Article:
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Man's live suicide likely won't change L.A. news

Public outrage over the live broadcast of a nearly naked man shooting himself in the head on a freeway prompted TV stations to apologize Friday for the graphic coverage.

However, it's unlikely to change the way news is reported here, where live helicopter coverage has become a ratings-grabbing necessity.

"This was a sobering event and it also was not the first time we've covered breaking news that has had a depressing ending," KCAL news director Dennis Herzig said Friday.

"After every event, and after last night, everyone in every newsroom in Los Angeles sits down and thinks about what we do," Herzig said. "And you take that experience and body of knowledge and the next time you go out to cover a story, you rely on that knowledge."

Cameras were trained on Daniel V. Jones, 40, for nearly an hour as he sat in his the truck, getting out at least twice to unfurl a banner reading "HMO's are in it for the money!! Live free, love safe or die."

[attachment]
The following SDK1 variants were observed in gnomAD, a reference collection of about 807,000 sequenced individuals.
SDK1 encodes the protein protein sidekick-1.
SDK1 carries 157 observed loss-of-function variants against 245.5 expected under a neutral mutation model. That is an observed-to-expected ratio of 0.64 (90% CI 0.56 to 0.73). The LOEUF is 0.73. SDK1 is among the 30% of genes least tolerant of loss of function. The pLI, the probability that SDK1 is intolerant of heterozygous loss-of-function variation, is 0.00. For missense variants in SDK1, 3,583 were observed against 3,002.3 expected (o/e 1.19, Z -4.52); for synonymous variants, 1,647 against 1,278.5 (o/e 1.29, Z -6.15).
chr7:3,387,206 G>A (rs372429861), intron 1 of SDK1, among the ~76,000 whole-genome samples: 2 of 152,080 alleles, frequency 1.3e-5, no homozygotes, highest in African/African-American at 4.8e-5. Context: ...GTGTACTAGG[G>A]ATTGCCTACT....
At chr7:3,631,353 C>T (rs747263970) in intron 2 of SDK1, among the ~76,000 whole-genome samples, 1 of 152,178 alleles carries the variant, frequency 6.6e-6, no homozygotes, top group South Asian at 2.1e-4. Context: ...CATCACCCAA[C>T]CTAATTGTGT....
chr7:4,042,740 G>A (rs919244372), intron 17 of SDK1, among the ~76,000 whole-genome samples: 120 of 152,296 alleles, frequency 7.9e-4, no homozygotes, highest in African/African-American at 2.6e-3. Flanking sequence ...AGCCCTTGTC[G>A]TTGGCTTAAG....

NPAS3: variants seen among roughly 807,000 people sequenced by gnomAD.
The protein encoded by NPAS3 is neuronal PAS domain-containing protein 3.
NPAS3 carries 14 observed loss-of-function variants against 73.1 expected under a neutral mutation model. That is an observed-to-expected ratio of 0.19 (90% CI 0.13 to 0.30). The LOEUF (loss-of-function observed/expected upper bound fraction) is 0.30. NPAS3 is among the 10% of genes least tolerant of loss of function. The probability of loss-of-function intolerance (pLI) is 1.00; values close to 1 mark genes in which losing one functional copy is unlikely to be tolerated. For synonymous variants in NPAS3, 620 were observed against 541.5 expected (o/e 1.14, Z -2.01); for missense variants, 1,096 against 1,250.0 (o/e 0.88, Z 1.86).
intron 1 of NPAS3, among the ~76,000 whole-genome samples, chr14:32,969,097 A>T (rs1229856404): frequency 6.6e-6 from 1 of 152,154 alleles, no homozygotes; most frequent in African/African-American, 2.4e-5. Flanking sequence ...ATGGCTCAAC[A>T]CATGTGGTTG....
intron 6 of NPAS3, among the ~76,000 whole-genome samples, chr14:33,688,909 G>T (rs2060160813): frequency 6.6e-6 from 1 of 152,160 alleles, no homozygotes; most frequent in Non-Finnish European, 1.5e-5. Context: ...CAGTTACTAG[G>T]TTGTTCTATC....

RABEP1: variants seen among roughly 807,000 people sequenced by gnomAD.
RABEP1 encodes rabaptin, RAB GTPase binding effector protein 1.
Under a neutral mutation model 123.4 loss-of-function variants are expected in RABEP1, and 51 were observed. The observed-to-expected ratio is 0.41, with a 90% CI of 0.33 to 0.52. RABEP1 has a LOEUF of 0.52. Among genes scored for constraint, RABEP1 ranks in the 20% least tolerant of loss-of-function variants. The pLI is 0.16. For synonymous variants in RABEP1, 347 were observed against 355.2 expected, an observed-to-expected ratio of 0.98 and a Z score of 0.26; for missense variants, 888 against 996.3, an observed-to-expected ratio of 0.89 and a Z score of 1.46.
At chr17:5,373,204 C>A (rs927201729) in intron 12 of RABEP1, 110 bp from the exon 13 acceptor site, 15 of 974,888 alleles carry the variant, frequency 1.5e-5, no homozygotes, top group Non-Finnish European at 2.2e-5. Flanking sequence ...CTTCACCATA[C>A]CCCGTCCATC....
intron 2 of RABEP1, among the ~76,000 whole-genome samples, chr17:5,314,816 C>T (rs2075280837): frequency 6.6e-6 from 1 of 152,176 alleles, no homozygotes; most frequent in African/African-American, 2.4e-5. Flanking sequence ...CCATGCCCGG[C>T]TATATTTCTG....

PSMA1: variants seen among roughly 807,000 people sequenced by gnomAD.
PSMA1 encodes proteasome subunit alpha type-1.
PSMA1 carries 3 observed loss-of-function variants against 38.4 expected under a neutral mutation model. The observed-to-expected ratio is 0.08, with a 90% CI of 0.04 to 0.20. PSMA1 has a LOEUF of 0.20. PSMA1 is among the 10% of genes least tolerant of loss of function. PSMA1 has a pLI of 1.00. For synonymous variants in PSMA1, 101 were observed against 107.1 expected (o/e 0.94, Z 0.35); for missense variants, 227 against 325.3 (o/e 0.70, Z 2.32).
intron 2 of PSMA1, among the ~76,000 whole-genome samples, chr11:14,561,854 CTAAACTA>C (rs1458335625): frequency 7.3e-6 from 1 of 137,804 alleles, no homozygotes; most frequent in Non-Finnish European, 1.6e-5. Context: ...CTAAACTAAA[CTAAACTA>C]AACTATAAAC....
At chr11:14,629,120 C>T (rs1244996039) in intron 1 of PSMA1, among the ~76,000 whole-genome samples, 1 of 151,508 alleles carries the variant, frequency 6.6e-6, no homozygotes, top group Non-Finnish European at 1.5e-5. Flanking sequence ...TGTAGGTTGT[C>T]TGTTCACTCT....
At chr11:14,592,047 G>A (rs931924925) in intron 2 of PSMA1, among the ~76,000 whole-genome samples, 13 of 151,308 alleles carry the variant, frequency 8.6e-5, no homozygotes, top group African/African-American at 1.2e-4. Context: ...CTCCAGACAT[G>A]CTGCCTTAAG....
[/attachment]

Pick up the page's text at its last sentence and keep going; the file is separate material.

After a fire started in the truck, Jones pulled off his burning clothes, went to the edge of the overpass as if to jump, then backed off, picked up a shotgun and fatally shot himself.

Some TV stations issued on-air apologies and vowed not to replay the violent image.

KCAL was in the midst of a newscast, but other stations broke away from regular programing. Those who cut into children's programs took the most heat.

Cartoons were airing when KTLA cut to the scene at 3:30 p.m. The station ran a graphic indicating a breaking story was about to pre-empt the children's show.

It's "unbelievable that they stayed with it while the man blew off his head," said Donna Dird, who was watching with her 17-year-old son. "You literally saw him blow his head off. It was awful."

On Friday, police said Jones left a videotaped suicide note explaining his motives. In it, the HIV-positive Jones says: "I'm not going to fight the disease. It has affected my neurological system. I'm not going to end up crazy."

_ Information from the Los Angeles Times was used in this report.